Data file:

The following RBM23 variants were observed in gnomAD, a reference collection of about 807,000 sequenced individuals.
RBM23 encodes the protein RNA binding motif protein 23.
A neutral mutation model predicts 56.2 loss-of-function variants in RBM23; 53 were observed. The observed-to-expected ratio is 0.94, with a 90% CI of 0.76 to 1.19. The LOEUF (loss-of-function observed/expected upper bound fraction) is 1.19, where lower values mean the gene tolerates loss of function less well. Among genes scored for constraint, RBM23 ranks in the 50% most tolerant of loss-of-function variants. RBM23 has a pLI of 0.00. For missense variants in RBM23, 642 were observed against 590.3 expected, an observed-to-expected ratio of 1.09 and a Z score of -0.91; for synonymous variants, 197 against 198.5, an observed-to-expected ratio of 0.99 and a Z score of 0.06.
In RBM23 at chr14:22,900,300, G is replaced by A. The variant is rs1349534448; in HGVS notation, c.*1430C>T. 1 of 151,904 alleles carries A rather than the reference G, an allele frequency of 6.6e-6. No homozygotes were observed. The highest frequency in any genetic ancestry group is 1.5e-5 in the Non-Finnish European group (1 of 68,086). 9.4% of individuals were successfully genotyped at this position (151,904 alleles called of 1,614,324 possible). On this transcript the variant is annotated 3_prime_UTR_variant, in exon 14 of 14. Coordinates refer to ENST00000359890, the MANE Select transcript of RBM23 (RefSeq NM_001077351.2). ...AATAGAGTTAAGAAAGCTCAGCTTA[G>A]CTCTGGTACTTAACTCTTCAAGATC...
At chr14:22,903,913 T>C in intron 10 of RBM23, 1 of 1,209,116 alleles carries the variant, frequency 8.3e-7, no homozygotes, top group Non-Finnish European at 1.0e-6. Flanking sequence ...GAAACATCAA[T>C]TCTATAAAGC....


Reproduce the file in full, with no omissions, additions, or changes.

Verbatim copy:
The following RBM23 variants were observed in gnomAD, a reference collection of about 807,000 sequenced individuals.
RBM23 encodes the protein RNA binding motif protein 23.
A neutral mutation model predicts 56.2 loss-of-function variants in RBM23; 53 were observed. The observed-to-expected ratio is 0.94, with a 90% CI of 0.76 to 1.19. The LOEUF (loss-of-function observed/expected upper bound fraction) is 1.19, where lower values mean the gene tolerates loss of function less well. Among genes scored for constraint, RBM23 ranks in the 50% most tolerant of loss-of-function variants. RBM23 has a pLI of 0.00. For missense variants in RBM23, 642 were observed against 590.3 expected, an observed-to-expected ratio of 1.09 and a Z score of -0.91; for synonymous variants, 197 against 198.5, an observed-to-expected ratio of 0.99 and a Z score of 0.06.
In RBM23 at chr14:22,900,300, G is replaced by A. The variant is rs1349534448; in HGVS notation, c.*1430C>T. 1 of 151,904 alleles carries A rather than the reference G, an allele frequency of 6.6e-6. No homozygotes were observed. The highest frequency in any genetic ancestry group is 1.5e-5 in the Non-Finnish European group (1 of 68,086). 9.4% of individuals were successfully genotyped at this position (151,904 alleles called of 1,614,324 possible). On this transcript the variant is annotated 3_prime_UTR_variant, in exon 14 of 14. Coordinates refer to ENST00000359890, the MANE Select transcript of RBM23 (RefSeq NM_001077351.2). ...AATAGAGTTAAGAAAGCTCAGCTTA[G>A]CTCTGGTACTTAACTCTTCAAGATC...
At chr14:22,903,913 T>C in intron 10 of RBM23, 1 of 1,209,116 alleles carries the variant, frequency 8.3e-7, no homozygotes, top group Non-Finnish European at 1.0e-6. Flanking sequence ...GAAACATCAA[T>C]TCTATAAAGC....